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He was old. You could tell it from the way his skin drooped on his face, wrinkling and wrapping themselves into folds, pressed over and over again. You could tell it from the way his hand shook as he raised it, hesitantly, over his eyes, too weak to face the wrath of the gentle sun. You could tell it from the lines that seemed etched on to his face, by the glacial slowness of his shambling walk, from the way he smiled, painful and bitter, yet the dregs of the most glorious smiles still lingering there, the remnants of the widest grins, the loudest laughs still hale and hearty on his lips.

“Give to me your poor, your tired, your huddled masses...”

He shivered, but how could he not? Winter was a cruel foe, whose whips only beat you lower into the ground, whose chains only chafed and whose knives only cut, and slowly let blood congeal within your veins, rather than let flow on the cobbled stones. It was natural to shiver, natural to feel the cold dig deeper into your bones as you walked, or ambled, as he did. There was no fire, no warmth; he stood naked before all the fierce pain that winter could give him, all the sadistic misery it could unleash upon him, oblivious of the whimpers he made, there, in the dark.

“...yearning to breathe free...”

He was not a great man. He lived on the streets; certainly, he lay there, that cold and bitter night, sobbing all the while, for a cause unknown, for a memory only he knew and would take, to his dark and dusty grave. You could hear him there, if you were close, searching – though his limbs would not move, his arms would not rise, his legs would not stand, he was searching, searching all the while for every atom of heat he could find, every particle of warmth that graced his presence, though they were few and scant, in the height and blaze of winter. Perhaps this was why he cried; perhaps this was why he wept, as a child must before a parent who knew not the story behind the crime, who knew only the fault and not its owner, who has judged, and judged instantly, though he knows not he does wrong to do so. Even now, perhaps, all the cold harshness of the world was manifesting itself, each more terrible and more dreadful than the last, the life of a hounded man before his dying eyes, and he ... he had only tears...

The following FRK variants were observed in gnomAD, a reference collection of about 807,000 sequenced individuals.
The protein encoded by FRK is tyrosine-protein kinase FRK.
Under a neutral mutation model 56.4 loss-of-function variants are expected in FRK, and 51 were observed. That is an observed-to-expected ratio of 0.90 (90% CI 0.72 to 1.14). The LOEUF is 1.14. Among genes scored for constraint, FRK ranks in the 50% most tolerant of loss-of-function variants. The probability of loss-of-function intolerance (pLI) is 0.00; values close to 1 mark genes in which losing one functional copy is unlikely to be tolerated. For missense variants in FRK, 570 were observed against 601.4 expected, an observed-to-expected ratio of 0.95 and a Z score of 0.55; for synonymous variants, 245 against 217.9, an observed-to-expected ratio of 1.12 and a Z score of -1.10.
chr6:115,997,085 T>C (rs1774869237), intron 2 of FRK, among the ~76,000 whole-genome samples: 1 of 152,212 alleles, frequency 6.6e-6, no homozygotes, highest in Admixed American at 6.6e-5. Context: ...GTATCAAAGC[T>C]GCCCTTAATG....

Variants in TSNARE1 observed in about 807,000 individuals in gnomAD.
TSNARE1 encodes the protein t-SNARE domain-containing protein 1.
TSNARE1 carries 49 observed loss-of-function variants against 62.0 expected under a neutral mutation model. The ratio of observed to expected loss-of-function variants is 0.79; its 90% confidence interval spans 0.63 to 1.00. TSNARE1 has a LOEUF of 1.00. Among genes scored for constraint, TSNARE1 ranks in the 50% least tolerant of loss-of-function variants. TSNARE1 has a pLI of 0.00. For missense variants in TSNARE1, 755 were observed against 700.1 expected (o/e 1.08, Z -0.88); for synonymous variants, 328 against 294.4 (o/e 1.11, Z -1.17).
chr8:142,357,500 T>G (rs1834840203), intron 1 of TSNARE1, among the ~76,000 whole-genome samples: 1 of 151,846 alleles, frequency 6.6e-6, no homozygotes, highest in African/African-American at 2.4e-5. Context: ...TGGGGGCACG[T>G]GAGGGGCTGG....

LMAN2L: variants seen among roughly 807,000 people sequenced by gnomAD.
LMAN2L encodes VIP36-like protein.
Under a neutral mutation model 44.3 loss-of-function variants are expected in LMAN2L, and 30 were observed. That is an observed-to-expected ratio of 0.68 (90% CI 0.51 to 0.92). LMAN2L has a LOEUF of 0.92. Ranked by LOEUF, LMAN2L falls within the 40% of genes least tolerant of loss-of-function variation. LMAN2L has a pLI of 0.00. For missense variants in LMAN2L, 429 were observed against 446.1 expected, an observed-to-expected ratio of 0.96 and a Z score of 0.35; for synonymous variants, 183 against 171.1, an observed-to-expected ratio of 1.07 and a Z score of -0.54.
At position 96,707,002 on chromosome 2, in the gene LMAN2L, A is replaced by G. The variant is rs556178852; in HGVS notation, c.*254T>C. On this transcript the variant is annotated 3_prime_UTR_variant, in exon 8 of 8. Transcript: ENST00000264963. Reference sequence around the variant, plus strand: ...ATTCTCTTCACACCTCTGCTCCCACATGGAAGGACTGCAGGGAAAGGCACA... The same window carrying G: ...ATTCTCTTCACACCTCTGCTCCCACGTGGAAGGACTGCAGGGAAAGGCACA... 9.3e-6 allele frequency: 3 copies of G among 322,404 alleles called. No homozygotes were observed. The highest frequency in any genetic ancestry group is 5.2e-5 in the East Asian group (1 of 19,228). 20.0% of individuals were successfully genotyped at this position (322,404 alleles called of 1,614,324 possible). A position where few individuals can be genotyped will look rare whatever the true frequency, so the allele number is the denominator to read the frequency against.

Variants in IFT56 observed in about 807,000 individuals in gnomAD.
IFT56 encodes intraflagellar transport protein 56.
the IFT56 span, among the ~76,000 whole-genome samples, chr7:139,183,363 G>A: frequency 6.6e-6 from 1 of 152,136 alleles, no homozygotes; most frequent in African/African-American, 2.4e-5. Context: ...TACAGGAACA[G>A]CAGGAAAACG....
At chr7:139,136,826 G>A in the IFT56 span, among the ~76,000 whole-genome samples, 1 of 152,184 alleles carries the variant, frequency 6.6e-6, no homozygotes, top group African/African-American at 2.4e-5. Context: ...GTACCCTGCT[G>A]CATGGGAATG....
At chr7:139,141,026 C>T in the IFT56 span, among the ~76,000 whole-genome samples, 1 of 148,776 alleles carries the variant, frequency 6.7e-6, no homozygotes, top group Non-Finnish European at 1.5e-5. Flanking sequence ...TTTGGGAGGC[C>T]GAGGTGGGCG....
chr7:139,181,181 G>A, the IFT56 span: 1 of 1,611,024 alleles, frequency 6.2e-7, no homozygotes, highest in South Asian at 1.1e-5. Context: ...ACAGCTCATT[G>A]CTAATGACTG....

“...the wretched refuse of your teeming shore...”

And all the while there were people, people everywhere, people laughing, people chatting, eating and making merry, in restaurants and houses and cars that flew past, ignorant of the life that was slowly seeping away, not miles, not years, not centuries but mere minutes away. Could they not hear him? Could they not see him? Only there, on the opposite side, were families crowded into booths, friends and enemies mixed alike, over food and wine and the heavy buzz of a joyous evening in a delicious restaurant! Only there, there was an entire window open, from which men glanced outside and saw his supine form, only to turn away, and leave him to his fate! He could not hate them, he could not speak against them; he could only lie and watch, too tired to hate, too weak to protest, covered only by the cold, watching them all the time, a meek and silent plea before an uncaring crowd, an ancient, forgotten man before a sea of humanity only in name.